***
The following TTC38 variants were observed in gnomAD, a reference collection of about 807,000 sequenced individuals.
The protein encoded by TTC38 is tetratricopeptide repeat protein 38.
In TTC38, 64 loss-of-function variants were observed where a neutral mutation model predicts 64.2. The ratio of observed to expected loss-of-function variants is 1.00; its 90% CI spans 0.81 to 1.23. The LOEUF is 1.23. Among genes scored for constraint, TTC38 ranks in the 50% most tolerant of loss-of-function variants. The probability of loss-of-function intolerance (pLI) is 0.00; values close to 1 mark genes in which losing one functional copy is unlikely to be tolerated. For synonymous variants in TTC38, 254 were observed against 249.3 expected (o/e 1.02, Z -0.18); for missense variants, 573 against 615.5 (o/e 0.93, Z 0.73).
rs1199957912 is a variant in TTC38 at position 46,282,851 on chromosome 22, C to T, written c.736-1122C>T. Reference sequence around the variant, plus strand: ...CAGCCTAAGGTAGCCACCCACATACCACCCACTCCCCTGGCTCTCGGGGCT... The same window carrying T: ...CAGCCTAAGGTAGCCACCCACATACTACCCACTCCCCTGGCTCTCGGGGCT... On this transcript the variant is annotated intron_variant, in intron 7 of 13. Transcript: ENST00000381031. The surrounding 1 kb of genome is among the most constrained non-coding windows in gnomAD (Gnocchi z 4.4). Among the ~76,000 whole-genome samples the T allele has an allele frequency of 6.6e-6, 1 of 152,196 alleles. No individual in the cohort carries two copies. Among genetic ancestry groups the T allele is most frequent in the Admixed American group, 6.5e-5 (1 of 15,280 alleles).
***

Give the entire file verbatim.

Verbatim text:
The following TTC38 variants were observed in gnomAD, a reference collection of about 807,000 sequenced individuals.
The protein encoded by TTC38 is tetratricopeptide repeat protein 38.
In TTC38, 64 loss-of-function variants were observed where a neutral mutation model predicts 64.2. The ratio of observed to expected loss-of-function variants is 1.00; its 90% CI spans 0.81 to 1.23. The LOEUF is 1.23. Among genes scored for constraint, TTC38 ranks in the 50% most tolerant of loss-of-function variants. The probability of loss-of-function intolerance (pLI) is 0.00; values close to 1 mark genes in which losing one functional copy is unlikely to be tolerated. For synonymous variants in TTC38, 254 were observed against 249.3 expected (o/e 1.02, Z -0.18); for missense variants, 573 against 615.5 (o/e 0.93, Z 0.73).
rs1199957912 is a variant in TTC38 at position 46,282,851 on chromosome 22, C to T, written c.736-1122C>T. Reference sequence around the variant, plus strand: ...CAGCCTAAGGTAGCCACCCACATACCACCCACTCCCCTGGCTCTCGGGGCT... The same window carrying T: ...CAGCCTAAGGTAGCCACCCACATACTACCCACTCCCCTGGCTCTCGGGGCT... On this transcript the variant is annotated intron_variant, in intron 7 of 13. Transcript: ENST00000381031. The surrounding 1 kb of genome is among the most constrained non-coding windows in gnomAD (Gnocchi z 4.4). Among the ~76,000 whole-genome samples the T allele has an allele frequency of 6.6e-6, 1 of 152,196 alleles. No individual in the cohort carries two copies. Among genetic ancestry groups the T allele is most frequent in the Admixed American group, 6.5e-5 (1 of 15,280 alleles).